state have held, and should be entitled to hold, safe from
governmental trespass absent a warrant.'" State
v. Young, 123 Wn.2d 173, 181, 867 P.2d 593 (1994)
(quoting State v. Myrick, 102 Wn.2d 506, 511, 688
P.2d 151 (1984)). Instead of examining whether an
individual's expectation of privacy is reasonable,
"the focus is whether the 'private affairs' of
an individual have been unreasonably violated."
State v. Boland, 115 Wn.2d 571, 580, 800 P.2d 1112
(1990). The inquiry into private affairs under the state
constitution is broader than the inquiry into reasonable
expectation under the federal constitution. Young,
123 Wn.2d at 181.
holdings of our Supreme Court give some definition to the
contours of "private affairs." The court has held
that the State unreasonably intruded into a person's
private affairs when it obtained long distance telephone toll
records through a pen register, State v. Gunwall,
106 Wn.2d 54, 68, 720 P.2d 808 (1986), examined the contents
of a defendant's trash placed on the curb for pickup,
Boland, 115 Wn.2d at 578, randomly checked hotel
registries to determine who were guests at a hotel, State
v. Jorden, 160 Wn.2d 121, 131, 156 P.3d 893 (2007),
attached a global positioning system tracking device to a
defendant's vehicle, State v. Jackson, 150 Wn.2d
251, 264, 76 P.3d 217 (2003), and read through text messages
on a cell phone. Hinton, 179 Wn.2d at 865.
other hand, no private affairs were deemed violated when the
State used Department of Licensing records, State v.
McKinney, 148 Wn.2d 20, 30, 60 P.3d 46 (2002), power
usage records, In re Pers. Restraint of Maxfield,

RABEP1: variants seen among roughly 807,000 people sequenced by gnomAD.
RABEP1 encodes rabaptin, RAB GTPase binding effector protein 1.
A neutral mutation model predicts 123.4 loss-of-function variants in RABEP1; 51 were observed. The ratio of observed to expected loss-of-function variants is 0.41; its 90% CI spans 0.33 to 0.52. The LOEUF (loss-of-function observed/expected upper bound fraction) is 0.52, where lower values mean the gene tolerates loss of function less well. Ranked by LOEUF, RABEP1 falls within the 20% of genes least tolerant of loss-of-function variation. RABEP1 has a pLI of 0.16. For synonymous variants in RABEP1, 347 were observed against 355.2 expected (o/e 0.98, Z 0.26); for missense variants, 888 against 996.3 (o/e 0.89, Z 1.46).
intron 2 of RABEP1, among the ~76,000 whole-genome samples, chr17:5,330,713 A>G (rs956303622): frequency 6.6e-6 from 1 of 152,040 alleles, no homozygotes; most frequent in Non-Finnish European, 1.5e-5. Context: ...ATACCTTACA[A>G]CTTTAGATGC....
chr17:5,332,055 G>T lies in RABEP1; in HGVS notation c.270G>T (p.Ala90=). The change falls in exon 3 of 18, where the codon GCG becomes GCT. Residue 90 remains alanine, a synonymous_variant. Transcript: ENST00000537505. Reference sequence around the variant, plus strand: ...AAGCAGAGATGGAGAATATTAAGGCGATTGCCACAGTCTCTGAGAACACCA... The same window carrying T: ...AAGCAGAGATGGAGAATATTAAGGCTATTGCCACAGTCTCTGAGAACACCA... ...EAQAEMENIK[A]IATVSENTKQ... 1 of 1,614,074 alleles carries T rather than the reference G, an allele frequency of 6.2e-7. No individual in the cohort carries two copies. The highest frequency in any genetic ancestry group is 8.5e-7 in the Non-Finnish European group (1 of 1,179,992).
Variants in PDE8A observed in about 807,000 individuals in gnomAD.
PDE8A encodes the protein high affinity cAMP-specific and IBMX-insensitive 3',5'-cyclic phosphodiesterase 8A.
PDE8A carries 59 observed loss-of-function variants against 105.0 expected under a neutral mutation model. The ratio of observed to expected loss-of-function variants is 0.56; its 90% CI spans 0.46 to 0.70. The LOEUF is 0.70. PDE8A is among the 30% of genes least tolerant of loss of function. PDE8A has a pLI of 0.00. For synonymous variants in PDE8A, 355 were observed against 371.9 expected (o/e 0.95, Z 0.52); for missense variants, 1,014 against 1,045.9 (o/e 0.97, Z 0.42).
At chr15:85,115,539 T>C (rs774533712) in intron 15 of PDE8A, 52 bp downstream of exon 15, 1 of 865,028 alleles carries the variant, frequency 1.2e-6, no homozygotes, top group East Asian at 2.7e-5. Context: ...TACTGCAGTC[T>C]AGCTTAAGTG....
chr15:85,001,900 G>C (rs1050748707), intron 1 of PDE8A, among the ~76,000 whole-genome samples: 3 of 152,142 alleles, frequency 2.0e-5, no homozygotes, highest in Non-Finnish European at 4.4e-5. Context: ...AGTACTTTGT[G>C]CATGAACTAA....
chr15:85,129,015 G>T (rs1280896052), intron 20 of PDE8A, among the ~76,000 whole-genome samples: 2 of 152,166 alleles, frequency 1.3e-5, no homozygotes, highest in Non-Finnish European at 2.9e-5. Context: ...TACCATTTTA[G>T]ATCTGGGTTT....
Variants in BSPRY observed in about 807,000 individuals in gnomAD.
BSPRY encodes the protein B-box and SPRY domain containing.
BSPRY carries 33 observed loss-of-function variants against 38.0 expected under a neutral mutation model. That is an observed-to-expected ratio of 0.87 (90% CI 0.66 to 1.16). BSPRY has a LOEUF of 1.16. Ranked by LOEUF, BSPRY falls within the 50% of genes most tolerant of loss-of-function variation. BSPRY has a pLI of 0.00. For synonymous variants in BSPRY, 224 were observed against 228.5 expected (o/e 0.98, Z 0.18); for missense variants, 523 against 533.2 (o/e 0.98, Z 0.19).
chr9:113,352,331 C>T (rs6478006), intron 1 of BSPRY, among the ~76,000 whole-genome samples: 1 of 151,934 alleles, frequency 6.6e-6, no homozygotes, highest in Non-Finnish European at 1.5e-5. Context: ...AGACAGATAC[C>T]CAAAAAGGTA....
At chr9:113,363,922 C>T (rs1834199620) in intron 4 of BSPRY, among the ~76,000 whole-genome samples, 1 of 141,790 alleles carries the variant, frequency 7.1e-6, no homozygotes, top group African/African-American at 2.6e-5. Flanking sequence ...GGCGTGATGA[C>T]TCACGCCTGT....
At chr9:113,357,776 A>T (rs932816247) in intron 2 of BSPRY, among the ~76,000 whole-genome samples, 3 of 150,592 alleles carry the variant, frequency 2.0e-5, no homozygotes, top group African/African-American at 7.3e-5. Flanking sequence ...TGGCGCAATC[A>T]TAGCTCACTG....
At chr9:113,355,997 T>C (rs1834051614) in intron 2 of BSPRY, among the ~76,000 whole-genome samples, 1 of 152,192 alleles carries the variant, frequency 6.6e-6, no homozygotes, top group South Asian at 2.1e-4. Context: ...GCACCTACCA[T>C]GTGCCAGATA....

133 Wn.2d 332, 354, 945 P.2d 196 (1997),  or saliva
voluntarily placed on an envelope. Athan, 160 Wn.2d
specifically, in defining the scope of protection under
article I, section 7, we examine "the history of the
interest at stake, relevant case law and statutes, and the
current implications of recognizing or not recognizing the
interest." State v. Walker, 157 Wn.2d 307, 314,
138 P.3d 113 (2006). As part of this, we examine whether the
nature of the information obtained through the governmental
trespass potentially reveals intimate or discrete details of
a person's life. Hinton, 179 Wn.2d at 869. Thus,
our analysis relies on relevant case law and focuses on (1)
the historical protections afforded to the privacy interest,
(2) the nature of information potentially revealed from the
intrusion, and (3) the implications of recognizing or not
recognizing the asserted privacy interest.
party cites to any historical protections that have been
afforded to homeless individuals in makeshift shelters.
However, in applying article I, section 7 our Supreme Court
has held that '"the closer officers come to
intrusion into a dwelling, the greater the constitutional
protection.'" State v. Ferrier, 136 Wn.2d
103, 112, 960 P.2d 927 (1998) (quoting Young, 123